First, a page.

The following report is from a long term permanent resident of Hong Kong who along with the rest of Hong Kong has watched the long Summer of Discontent, with disbelief at how rapidly the city has fractured and deteriorated. It analyses what is happening and why and is pessimistic about a solution to the current problem in the near future.The writer is a university lecturer who wishes to remain anonymous for reasons of personal and professional security.
In June at the first march against the Extradition Treaty there was a strong sense of purpose and a feeling of outrage that the government had not consulted the people and was in effect handing over the heads of Hong Kongers on a platter to China. Since that time, as there has been a fracturing of allegiances and opinions. Protesters have been blamed for making unrealistic demands from China, police are blamed for their heavy handed tactics, the Hong Kong elites have been blamed for siding with Chinese development interests and making profits at the expense of the average person who has seen their living standards decline. The average person will not own property in their lifetime and the soaring rents in the most expensive real estate market in the world, has made it unaffordable for the poor to even rent. As one piece of graffiti said “If I can’t even afford a 75meter room, what makes you think I’m afraid of jail?”.
Hong Kong is caught in an uneasy stalemate as it attempts to keep order in a situation of escalating violent confrontations. Right now there is no viable political solution. It is painfully obvious and even admitted by Carrie Lam, that the demands for the freedom of self governance is out of reach for Hong Kong. The trust in government and in the police is completely broken although there is a minority that support them. However, it is clear that the police are in unenviable position of not just keeping law and order but in carrying out a political agenda and as such, they are out of their depth and has increasingly used harsher measures that include teargas thrown in public areas, arbitrary arrests, and occasionally spraying pepper spray at the annoying press that are always on their heels.
With 20/20 hindsight, we should have seen this situation coming. In the last decade, the divide between rich and poor has rapidly increased and the quality of life has declined. Property which is the lifeblood of the city has been gobbled up by Chinese property developers and graduating students see low salaries and prospects as their future along with the need to live with their family for a long time ahead, because of high rentals. In addition, the promises of the Chinese government to maintain the one country two systems rule are hollow and the reality has been encroachments on Hong Kong sovereignty. Crossing the HK border to kidnap the Hong Kong booksellers showed they did not respect their boundaries and their refusal to grant real universal suffrage of which was agreed upon in the 1997 Handover, sparked the Umbrella Movement in 2014.
Hong Kong is angry at its elites but it doesn’t have the same ideology as the West. Despite calls for democracy and freedom even the most die hard protesters recognises Hong Kong’s SAR status but would like to have control over local affairs and the continuing infrastructure that has allowed it to become prosperous. When I first came to Hong Kong in 1995, it struck me that the elites were admired by my University students and they still are. The average person aspires to be rich and having wealth is envied. At the same time, the rich have obligations and that is to be benefactors and to help out the community. This sense of purpose runs right through the community. Student protesters are not motivated by a sense of individualistic rights but instead it is a sense of duty to the future of Hong Kong. The rhetoric and even the new ‘Hong Kong’ anthem emphasises collective values. They are angry at the elites for having sold out Hong Kong and for their collective unconsciousness of the increasing hardships of the city. So while there is this resentment, the anger is directed more at identity politics i.e. us Hong Kongers vs China.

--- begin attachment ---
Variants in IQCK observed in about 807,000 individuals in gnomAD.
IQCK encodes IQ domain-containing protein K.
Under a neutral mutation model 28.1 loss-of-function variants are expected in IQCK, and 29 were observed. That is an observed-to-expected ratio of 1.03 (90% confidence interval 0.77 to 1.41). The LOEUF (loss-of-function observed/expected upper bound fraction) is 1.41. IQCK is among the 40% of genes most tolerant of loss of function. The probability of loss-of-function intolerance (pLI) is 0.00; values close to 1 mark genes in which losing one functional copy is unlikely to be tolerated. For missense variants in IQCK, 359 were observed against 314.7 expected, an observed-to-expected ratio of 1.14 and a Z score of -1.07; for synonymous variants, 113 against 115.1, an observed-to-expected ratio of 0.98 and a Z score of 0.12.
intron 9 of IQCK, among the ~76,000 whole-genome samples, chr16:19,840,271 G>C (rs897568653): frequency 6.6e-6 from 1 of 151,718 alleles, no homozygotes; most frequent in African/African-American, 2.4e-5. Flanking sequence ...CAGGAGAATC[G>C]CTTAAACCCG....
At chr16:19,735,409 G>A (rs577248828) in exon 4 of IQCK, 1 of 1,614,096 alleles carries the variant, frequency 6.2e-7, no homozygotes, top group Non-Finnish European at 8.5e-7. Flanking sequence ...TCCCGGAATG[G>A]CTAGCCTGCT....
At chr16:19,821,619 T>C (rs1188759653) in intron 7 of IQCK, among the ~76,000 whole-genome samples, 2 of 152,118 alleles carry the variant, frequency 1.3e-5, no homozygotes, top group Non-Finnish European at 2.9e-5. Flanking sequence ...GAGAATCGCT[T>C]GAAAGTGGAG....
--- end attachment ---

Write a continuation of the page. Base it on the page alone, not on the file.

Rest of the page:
Hong Kongers are largely pragmatic, and in the beginning, the demands were to have some degree of freedom to do what they do best and that is to make money. The ill conceived Extradition Law proposal, burst the lid on the seething tension of the city. The city is imploding under the weight of factionalism, straight out thuggery and escalating violence. Tourism is now down by 40% and there is real economic hardship. Despite this chaos, a large number believe that China will not take military action. Their reasons are that China doesn’t care about Hong Kong. There is a persistent belief that China and Carrie Lam’s government are colluding to allow Hong Kong to nearly destroy itself. When that time comes, the large Hong Kong reserves would be used to nationalise key industries as a way of controlling the city. This is one among many speculations on how this situation will end but it is interesting to note that military action seems less likely as the political situation becomes more complex. The roots of this belief is that China has many weapons at its disposal including sophisticated propaganda and there is no need for a crass solution. There is no real way to predict what will happen although it’s safe to say that the chaos will increase and Hong Kong will keep burning as there is no easy solution that will put out the flames in the near future.